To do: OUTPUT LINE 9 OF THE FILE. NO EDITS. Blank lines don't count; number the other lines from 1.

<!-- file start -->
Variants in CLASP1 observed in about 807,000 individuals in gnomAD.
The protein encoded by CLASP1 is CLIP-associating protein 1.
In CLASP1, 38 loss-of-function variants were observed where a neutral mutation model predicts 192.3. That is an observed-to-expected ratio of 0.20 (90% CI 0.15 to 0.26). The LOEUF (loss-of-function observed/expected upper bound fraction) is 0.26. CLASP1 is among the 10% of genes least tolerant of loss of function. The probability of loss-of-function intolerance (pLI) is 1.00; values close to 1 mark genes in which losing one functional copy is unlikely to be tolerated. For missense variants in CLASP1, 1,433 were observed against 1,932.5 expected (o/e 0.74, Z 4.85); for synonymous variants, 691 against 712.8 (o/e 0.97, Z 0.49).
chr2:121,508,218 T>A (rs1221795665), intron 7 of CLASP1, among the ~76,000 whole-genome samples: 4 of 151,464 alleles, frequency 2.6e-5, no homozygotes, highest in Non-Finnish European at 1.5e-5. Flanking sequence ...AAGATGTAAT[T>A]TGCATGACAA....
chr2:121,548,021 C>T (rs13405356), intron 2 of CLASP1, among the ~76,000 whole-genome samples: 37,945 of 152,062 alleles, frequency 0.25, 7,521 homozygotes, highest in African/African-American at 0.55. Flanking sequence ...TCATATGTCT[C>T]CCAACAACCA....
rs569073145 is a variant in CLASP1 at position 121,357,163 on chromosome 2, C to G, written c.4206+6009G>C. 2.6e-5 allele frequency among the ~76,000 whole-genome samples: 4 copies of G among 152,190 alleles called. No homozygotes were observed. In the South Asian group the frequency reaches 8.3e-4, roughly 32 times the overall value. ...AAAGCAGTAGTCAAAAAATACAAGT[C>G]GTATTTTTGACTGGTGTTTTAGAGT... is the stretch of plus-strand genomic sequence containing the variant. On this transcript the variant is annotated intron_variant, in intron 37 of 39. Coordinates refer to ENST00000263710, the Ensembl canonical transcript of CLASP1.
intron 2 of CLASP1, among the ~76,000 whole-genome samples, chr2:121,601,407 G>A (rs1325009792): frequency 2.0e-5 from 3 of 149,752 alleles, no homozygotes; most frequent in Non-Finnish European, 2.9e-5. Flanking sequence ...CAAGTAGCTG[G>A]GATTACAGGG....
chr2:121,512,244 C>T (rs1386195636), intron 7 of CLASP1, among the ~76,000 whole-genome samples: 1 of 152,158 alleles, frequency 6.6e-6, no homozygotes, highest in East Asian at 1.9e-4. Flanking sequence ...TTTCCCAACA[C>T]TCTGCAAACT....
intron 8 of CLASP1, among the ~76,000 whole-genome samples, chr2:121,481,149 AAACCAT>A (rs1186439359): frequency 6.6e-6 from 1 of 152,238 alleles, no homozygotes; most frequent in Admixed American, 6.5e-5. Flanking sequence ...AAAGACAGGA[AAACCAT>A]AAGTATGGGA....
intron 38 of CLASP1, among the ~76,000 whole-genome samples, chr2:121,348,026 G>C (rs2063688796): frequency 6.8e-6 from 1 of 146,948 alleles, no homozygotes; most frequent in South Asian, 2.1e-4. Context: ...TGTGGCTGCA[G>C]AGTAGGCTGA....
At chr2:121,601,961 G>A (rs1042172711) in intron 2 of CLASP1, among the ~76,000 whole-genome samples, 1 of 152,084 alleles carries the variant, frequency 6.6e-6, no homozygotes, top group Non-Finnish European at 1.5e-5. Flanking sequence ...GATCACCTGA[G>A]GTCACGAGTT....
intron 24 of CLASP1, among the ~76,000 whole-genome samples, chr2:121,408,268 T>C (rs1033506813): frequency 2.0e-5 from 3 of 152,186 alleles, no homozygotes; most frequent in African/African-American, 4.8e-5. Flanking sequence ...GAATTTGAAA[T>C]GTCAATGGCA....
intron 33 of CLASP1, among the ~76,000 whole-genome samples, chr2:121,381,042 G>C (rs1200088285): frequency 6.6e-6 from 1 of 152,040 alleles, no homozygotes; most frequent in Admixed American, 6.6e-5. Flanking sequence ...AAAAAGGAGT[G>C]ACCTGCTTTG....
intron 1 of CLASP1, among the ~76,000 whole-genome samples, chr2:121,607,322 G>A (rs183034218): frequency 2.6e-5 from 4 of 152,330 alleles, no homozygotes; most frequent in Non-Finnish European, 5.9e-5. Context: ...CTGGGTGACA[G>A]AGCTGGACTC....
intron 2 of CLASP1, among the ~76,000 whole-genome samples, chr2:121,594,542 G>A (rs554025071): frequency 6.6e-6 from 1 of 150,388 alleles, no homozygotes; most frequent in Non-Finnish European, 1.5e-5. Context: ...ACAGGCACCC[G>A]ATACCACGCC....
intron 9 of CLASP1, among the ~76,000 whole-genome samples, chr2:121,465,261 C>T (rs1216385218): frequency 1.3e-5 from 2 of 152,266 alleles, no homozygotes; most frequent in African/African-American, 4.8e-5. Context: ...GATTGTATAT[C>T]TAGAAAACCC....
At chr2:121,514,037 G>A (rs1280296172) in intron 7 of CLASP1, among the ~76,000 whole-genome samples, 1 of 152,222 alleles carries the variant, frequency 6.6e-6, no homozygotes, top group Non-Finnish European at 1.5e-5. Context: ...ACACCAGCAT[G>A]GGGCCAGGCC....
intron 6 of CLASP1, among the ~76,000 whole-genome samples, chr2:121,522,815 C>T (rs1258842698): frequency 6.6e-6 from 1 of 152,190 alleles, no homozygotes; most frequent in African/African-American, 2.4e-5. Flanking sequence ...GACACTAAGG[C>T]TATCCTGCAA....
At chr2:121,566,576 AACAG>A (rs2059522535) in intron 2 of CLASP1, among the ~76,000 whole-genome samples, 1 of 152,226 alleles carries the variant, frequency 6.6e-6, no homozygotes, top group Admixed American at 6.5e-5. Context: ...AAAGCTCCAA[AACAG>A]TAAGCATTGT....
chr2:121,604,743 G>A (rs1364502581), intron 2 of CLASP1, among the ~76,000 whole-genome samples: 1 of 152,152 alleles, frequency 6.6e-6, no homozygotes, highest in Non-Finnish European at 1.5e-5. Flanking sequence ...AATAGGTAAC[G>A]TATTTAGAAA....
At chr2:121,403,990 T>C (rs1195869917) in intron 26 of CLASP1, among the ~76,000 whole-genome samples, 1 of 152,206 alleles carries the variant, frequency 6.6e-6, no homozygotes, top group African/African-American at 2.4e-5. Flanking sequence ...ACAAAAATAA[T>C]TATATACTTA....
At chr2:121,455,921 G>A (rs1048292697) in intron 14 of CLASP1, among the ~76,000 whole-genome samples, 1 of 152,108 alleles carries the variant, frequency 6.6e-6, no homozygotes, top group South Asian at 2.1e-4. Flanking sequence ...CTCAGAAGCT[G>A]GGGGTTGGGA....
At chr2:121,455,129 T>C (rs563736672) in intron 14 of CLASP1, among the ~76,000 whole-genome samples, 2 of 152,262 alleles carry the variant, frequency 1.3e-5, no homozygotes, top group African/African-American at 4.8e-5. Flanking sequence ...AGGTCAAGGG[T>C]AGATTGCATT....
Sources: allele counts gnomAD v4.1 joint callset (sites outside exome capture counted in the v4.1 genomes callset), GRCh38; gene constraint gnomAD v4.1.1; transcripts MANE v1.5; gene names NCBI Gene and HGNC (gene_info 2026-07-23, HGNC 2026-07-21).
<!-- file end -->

intron 8 of CLASP1, among the ~76,000 whole-genome samples, chr2:121,481,149 AAACCAT>A (rs1186439359): frequency 6.6e-6 from 1 of 152,238 alleles, no homozygotes; most frequent in Admixed American, 6.5e-5. Flanking sequence ...AAAGACAGGA[AAACCAT>A]AAGTATGGGA....